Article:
A Comprehensive Guide to Yoga
by Sequoya Dakota
Yoga looks hard. I'm not flexible. I can’t stand on my head or bend into a pretzel, and to top things off, it’s too expensive!!
These are real responses I receive from people when I ask them why they haven't started yoga yet.
Fear, laziness, and a lack of resources are a few of the top reasons people keep themselves away from the sacred practice of yoga. Fear, that you cannot do it "correctly", and will end up embarrassed in class. Laziness because sometimes you lack the motivation to even try. And lack of resources because classes can be very expensive, and sometimes the yoga gear is too.
I totally get it. These are all very valid reasons to not give yoga a try. But I don't want you to feel like you have to hold back anymore. Yoga has changed my life immensely, and you will hear me say often that, "yoga is life". And that's because it is. So as cliche as it may sound, if I can do it, you can too.
And I’m not talking about bending into pretzels either.
I teach a lot of beginner yogis, and I love every second of it. I've paid very close attention to their needs in a class. I’ve put together five tips to help you start yoga with confidence!
Find a yoga style that suits you and your needs
Here is a quick overview of some of the most popular types of yoga:
Hatha - an umbrella term for all physical postures of yoga; best for beginners since they are usually paced slower than other yoga styles
Vinyasa - Sanskrit word for flow; Vinyasa classes are known for their fluid movement-intensive practices
Kemetic - ancient Egyptian system of Yoga enlightenment based upon the practices of physical movements combined with controlled deep breathing and meditation
Power - fitness-based vinyasa practice; building internal heat, increased stamina, strength, and flexibility, as well as stress reduction
Hot - another form of vinyasa; the flow can vary depending on the teacher; warmer temperatures ranging from the 80s +; Bikram yoga and hot yoga are not the same. Bikram classes run for 90 minutes and consist of the same series of 26 postures, including two breathing exercises in temperatures of 95 degrees upwards of 100 degrees. Hot yoga offers more variety and not as extreme temperatures.
Understand the physical and mental benefits
Yes, you can break a sweat in yoga. Yes, yoga can improve your range of motion and flexibility. And yes, yoga can help reduce stress. The physical and mental benefits of yoga are numerous!
Physical benefits of yoga: build muscle strength, perfect your posture, increases your blood flow, drains your lymphs, and lowers your blood pressure, to name a few.
Mental benefits of yoga: makes you happier, helps you focus, sleep, feel more centered, and it makes you more compassionate.
A basic yoga sequence to try at home
Sun salutations are a great introduction for yoga newbies and advanced yogis alike. Composed of only 7-8 postures. You will become familiar with the fundamental asanas (poses) of yoga, which will help you in classes and advancing in your own personal practice.
Yoga off the mat
Yoga originally began off of the principles of the 8 limbs of yoga by Patanjali. Within these 8 limbs is Pranayama, your breath. Yoga on the mat and off the mat is all about the breath, Pranayama, or prana as some call it. Ease some of the anxiety of beginning your yoga practice by taking a few breaths. Mouth closed, taking a deep inhale from way down in your belly, pause, and then slowly exhale through your nose.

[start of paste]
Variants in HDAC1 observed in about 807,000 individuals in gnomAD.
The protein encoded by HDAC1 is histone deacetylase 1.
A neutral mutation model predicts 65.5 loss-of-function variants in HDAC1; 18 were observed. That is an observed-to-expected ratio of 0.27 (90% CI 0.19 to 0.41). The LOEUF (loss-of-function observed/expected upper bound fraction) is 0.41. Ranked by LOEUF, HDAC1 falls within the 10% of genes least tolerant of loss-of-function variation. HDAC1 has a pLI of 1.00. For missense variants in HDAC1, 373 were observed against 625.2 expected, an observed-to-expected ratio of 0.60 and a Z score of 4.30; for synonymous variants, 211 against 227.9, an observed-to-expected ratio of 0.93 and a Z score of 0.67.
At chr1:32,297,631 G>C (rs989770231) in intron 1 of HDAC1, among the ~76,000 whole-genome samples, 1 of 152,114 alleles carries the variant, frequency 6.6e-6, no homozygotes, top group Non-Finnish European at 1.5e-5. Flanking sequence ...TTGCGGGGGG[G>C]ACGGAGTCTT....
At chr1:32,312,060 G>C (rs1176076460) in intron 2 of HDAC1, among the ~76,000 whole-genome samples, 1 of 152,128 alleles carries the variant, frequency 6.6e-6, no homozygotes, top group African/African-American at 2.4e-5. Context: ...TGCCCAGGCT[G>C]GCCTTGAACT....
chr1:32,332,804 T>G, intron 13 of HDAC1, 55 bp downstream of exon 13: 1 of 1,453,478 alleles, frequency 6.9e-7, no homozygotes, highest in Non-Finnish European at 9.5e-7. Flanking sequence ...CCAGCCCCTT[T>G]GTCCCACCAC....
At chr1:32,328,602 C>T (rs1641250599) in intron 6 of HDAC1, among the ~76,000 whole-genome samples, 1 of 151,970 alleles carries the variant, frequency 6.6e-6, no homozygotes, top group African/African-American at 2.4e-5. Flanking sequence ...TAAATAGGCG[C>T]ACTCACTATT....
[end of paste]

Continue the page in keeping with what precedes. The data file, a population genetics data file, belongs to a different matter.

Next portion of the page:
Notice your body start to loosen up a bit, and the tension melt away? Imagine if you keep doing that how you’d feel. But oh, you can! And yoga teaches you that. The moment I first left a yoga class and had no road rage after, all because I simply focused on my breath… I was sold. Yoga is indeed, life.
Pro tip: you can take your breath with you anywhere. To places, your mat can’t go. Center yourself with a few inhales and exhales, anytime, anyplace *cues yogic breathing practice to Janet in the background.*
What do you actually need for your first yoga class
This is when people start to believe yoga is too expensive. Yoga studios almost always have yoga mats for you. Check beforehand to see if they offer them for free for your first class or if there is a small renting fee. This could save you some money if you might not want to invest in your own mat before you’re sure you actually like yoga.
Things like blocks, bolsters, and straps also may be provided by your yoga studio (usually for free) during class. They aren’t a necessity, however, they can offer many modifications for difficult postures, which is helpful for anyone new to the practice.
However, the two things you must absolutely bring to a yoga class are a water bottle and an open mind.
Learn from my mistake of attending my first (hot) yoga class and nearly dying of a dry throat because I forgot water. We don’t all need to suffer.
And an open mind! Release any expectations that you have. Remove the fear from your mind. And try not to assume you know what your instructor is going to say. Just let go, and flow!
By now, you shouldn’t have any reason to not join the next yoga challenge you see on Instagram, start your own at-home practice with Youtube, or get a 30-day class pass at your local yoga studio (most studios offer a very affordable introductory rate - don’t be afraid to ask).
And another pro-tip: your yoga practice is yours and yours alone. It may not look like anyone else’s and it’s not supposed to. Enjoy the journey.